Shades, Not Colors
A Discussion on Choices Made in Oncology
by Megan Hong
In this fictional narrative, the reader follows the story of Stacy, a young woman with Stage III lung cancer, from her diagnosis to her death. Lung cancer, which is described as the abnormal cell growth and the following metastasis of lung cells, is one of the most common types of cancer; as well, it has one of the highest mortality rates out of any type of cancer. As Stacy’s lung cancer progresses, the physician has to make a series of decisions based on many factors, such as the conditions of Stacy’s pregnancy and her desire to save her baby, and the reader is able to witness how each decision makes an impact on Stacy’s mental and physical health. Through conversations with a practicing physician in psychiatric oncology and an undergraduate involved in cancer-related research, the reader is provided with various methods that help terminally ill cancer patients understand the reality of their disease and prognosis, and if current research in cancer therapies address the mental health of these patients. The article concludes that these decisions made by physicians and parents regarding their health are not always binary; rather, the choices that are made depend on many variables, some of which are controlled while others are not.
Key Words: cancer, psychiatric oncology, novel treatments
Cancer cells are the uncontrolled manifestation of a person’s normal cells. Each cancer has its own mind and personality of growth. With a sudden cancer diagnosis, patients often look to their physicians to guide them toward recovery with the expectation of a concrete, successful treatment plan. However, the answers to a win against cancer are not standardized; after all, it is a patient’s body against their own, and the road to recovery depends on many independent, uncontrolled variables. Decisions about cancer treatment are not binary choices. There are no simple questions and no simple answers. For physicians, what factors do they consider to make these decisions? When are cancer treatments doing more harm to a patient’s quality of life than physically benefiting them? Nothing in medicine, especially oncology, is black and white. In order to determine a best path forward, hopefully toward a cure, the doctor must know the patient and their desires when it comes to treatment.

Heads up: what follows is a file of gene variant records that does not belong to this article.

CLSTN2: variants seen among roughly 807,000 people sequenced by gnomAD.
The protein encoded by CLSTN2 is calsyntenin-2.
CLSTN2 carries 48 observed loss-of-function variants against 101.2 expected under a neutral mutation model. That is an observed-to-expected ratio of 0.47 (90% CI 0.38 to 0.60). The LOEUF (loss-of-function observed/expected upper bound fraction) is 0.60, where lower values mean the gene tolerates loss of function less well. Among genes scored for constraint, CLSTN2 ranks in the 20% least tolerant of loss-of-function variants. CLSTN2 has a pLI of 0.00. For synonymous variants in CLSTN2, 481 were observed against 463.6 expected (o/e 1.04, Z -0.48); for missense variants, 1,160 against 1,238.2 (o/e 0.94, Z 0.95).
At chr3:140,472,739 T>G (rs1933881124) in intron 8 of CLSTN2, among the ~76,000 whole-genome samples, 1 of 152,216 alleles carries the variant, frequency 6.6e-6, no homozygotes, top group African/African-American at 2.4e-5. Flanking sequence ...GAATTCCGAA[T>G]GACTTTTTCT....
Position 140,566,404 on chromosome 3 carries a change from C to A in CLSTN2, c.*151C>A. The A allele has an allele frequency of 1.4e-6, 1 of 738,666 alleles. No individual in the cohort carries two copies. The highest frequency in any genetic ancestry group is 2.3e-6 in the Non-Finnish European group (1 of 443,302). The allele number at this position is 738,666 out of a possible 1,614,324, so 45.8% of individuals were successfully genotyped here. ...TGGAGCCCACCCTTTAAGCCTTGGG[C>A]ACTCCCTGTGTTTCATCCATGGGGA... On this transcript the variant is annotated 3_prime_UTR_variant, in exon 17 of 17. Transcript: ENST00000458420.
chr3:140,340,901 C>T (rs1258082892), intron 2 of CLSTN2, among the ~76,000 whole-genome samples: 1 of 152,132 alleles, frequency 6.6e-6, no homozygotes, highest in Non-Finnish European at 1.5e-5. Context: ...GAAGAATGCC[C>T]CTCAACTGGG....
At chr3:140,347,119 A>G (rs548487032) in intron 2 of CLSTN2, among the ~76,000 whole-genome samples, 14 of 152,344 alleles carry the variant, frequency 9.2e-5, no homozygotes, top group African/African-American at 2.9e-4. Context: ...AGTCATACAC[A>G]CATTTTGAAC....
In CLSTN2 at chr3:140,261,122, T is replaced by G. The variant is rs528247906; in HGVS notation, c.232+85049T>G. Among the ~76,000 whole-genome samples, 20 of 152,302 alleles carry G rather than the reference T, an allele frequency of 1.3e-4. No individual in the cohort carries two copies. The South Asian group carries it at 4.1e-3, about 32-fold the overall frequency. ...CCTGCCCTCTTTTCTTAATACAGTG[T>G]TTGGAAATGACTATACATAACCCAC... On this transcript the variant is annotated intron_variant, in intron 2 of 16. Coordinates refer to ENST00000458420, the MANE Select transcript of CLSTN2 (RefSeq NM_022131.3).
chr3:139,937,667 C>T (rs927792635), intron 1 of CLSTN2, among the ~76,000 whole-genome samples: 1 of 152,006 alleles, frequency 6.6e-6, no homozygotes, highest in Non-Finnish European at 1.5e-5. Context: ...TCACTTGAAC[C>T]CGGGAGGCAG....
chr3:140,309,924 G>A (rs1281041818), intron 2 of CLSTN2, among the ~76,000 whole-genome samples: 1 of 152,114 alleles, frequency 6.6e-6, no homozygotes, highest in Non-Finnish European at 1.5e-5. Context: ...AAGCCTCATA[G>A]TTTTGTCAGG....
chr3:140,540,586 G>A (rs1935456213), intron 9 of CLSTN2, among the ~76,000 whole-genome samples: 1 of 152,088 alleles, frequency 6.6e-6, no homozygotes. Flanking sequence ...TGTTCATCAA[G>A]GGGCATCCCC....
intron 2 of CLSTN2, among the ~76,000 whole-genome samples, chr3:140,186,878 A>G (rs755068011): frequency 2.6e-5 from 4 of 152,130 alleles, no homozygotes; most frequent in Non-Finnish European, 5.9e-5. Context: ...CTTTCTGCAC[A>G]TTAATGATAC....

The air immediately gets cold. As she sits in the doctor’s office, she feels the hair on her arms stand up. The door handle turns, and the doctor walks in with a solemn look on her face. “Stacy, the biopsy reports have come in. You have a type of lung cancer called Non-small Cell Lung Carcinoma, and by the looks of your scans, we think it is Stage III and aggressive. We’ll be starting you on treatment as soon as possible, but this will be complicated by your pregnancy…” The words begin to blur as the thoughts in Stacy’s head become louder and louder. The only thing on her mind is the smell of fresh light pink paint that she had picked out ever so carefully for her baby. “Stage III lung cancer? She doesn’t even smoke. What about the baby? How will this work? She can’t possibly get radiation treatment,” her husband frantically interrogates the doctor. All eyes are on the physician. Her face remains solemn, and all of a sudden, it seems as cold as the room. “We will create a plan with a specialized oncologist and gynecologist. I will give you some time to process this information.” She promptly leaves the room. A dense silence hangs in the air.
With her recent diagnosis, Stacy and her husband are stunned and overwhelmed with the blunt reality she is facing. Soon, she will begin intensive therapy, which is notoriously no easy feat to overcome. Cancer treatments can have significant impacts on both the physical and psychological conditions of a patient. In a study conducted in 2014, localized Non-small Cell Lung Carcinoma patients were screened for changes in mental and physical health before and after treatment using a health-related quality of life (HRQoL) surveillance test. Researchers found that patients suffered from a significant physical detriment after their surgical operations. This, in turn, also had an impact on the patients’ mental health, as their new physical state limited them from participating in activities that were a part of their lives before their cancer diagnosis . In other forms of cancer treatment, such as radiation and chemotherapy, similar results are observed.
With the IV in her arm and a pillow propped against her back, Stacy closes her eyes. She feels the gurney’s wheels rolling through the hospital’s halls until suddenly, it stops. The air feels just as cold as it did in the doctor’s office when she got her diagnosis almost a week ago. Slowly, she opens an eyelid, and five doctors covered head-to-toe in sterile, blue scrubs and gloves appear. A month ago, she was picking out colors for the nursery, and now she’s in an operating room to remove tumors that riddle her lungs. The doctors whisper reassuring words, but they are masked by the anesthesia creeping into her system. The next time she wakes, Stacy feels a dull, lulling pain on her side, stretching between her ribs. Bed-bound and silent, she closes her eyes, hoping the affliction will subside on its own.